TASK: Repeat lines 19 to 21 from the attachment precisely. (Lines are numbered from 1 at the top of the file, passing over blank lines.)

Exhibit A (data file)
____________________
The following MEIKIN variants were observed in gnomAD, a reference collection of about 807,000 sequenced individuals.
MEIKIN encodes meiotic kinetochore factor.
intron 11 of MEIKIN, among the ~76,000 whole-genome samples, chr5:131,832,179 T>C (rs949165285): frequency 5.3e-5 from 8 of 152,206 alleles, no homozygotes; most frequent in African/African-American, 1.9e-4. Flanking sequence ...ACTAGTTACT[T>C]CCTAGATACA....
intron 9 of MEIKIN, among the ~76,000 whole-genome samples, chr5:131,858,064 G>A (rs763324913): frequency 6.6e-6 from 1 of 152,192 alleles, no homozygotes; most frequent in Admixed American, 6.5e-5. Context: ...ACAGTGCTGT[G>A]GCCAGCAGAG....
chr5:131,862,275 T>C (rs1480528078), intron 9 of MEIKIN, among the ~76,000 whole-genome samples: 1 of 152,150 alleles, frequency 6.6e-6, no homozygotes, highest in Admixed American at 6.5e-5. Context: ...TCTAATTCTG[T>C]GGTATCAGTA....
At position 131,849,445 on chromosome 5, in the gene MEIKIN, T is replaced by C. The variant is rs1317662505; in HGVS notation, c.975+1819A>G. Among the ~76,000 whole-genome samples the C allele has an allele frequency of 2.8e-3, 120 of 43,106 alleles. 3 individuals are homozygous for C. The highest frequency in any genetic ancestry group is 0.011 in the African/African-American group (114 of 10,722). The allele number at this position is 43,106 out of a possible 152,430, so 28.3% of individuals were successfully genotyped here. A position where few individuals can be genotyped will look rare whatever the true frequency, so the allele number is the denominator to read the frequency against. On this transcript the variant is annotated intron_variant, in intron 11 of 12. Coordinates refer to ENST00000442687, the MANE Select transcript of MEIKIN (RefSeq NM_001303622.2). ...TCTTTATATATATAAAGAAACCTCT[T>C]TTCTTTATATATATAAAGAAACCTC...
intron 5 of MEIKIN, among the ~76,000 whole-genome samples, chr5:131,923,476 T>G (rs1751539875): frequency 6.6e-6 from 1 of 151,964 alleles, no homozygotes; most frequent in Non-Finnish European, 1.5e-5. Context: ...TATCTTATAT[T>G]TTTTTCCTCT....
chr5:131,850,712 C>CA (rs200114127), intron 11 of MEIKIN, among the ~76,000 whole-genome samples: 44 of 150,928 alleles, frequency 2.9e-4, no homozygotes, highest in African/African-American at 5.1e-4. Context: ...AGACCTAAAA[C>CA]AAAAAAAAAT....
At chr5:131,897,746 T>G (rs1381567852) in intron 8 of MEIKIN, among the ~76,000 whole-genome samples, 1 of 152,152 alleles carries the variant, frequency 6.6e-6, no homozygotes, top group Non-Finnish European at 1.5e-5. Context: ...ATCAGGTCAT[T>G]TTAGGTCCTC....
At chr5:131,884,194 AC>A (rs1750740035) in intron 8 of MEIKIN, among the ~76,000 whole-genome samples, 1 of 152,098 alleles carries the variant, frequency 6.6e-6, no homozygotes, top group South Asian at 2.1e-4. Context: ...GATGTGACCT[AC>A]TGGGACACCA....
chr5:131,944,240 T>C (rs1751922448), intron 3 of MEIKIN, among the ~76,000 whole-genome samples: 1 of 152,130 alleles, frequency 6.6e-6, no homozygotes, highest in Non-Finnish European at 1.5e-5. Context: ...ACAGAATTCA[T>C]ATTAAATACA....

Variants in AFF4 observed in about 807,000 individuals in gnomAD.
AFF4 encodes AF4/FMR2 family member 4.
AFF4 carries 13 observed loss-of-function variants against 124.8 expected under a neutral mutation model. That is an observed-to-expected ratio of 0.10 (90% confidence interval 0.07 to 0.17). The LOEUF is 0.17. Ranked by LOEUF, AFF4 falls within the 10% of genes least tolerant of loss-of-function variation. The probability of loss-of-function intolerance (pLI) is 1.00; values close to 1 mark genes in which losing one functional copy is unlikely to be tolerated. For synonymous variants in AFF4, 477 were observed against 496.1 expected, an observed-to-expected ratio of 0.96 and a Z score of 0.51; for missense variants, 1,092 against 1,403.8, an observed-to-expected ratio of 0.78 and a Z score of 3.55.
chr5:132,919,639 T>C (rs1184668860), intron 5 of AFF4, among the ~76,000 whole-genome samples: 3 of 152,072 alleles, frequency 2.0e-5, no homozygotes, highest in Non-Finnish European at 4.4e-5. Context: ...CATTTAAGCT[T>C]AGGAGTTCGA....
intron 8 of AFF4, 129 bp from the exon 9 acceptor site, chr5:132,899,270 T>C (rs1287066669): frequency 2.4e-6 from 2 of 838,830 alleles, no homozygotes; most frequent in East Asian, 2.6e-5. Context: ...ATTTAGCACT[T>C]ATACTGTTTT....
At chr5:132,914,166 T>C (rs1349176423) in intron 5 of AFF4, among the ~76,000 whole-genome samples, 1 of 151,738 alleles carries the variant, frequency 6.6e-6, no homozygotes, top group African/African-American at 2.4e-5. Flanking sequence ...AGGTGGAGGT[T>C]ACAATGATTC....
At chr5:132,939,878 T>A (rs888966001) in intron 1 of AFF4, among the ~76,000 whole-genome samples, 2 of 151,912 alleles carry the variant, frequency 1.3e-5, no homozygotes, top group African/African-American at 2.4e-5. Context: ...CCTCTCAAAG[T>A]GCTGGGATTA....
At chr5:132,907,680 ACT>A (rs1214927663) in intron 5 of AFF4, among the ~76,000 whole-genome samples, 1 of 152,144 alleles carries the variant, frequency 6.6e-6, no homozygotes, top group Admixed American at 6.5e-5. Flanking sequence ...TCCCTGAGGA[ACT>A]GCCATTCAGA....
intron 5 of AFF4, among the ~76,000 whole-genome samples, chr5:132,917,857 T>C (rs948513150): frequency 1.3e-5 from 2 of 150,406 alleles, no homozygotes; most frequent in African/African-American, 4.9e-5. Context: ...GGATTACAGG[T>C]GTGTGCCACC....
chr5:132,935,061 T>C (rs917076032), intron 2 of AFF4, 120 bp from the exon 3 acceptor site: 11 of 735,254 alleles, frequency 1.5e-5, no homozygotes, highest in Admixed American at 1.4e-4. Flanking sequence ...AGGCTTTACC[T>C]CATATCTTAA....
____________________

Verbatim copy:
At chr5:132,907,680 ACT>A (rs1214927663) in intron 5 of AFF4, among the ~76,000 whole-genome samples, 1 of 152,144 alleles carries the variant, frequency 6.6e-6, no homozygotes, top group Admixed American at 6.5e-5. Flanking sequence ...TCCCTGAGGA[ACT>A]GCCATTCAGA....
intron 5 of AFF4, among the ~76,000 whole-genome samples, chr5:132,917,857 T>C (rs948513150): frequency 1.3e-5 from 2 of 150,406 alleles, no homozygotes; most frequent in African/African-American, 4.9e-5. Context: ...GGATTACAGG[T>C]GTGTGCCACC....
chr5:132,935,061 T>C (rs917076032), intron 2 of AFF4, 120 bp from the exon 3 acceptor site: 11 of 735,254 alleles, frequency 1.5e-5, no homozygotes, highest in Admixed American at 1.4e-4. Flanking sequence ...AGGCTTTACC[T>C]CATATCTTAA....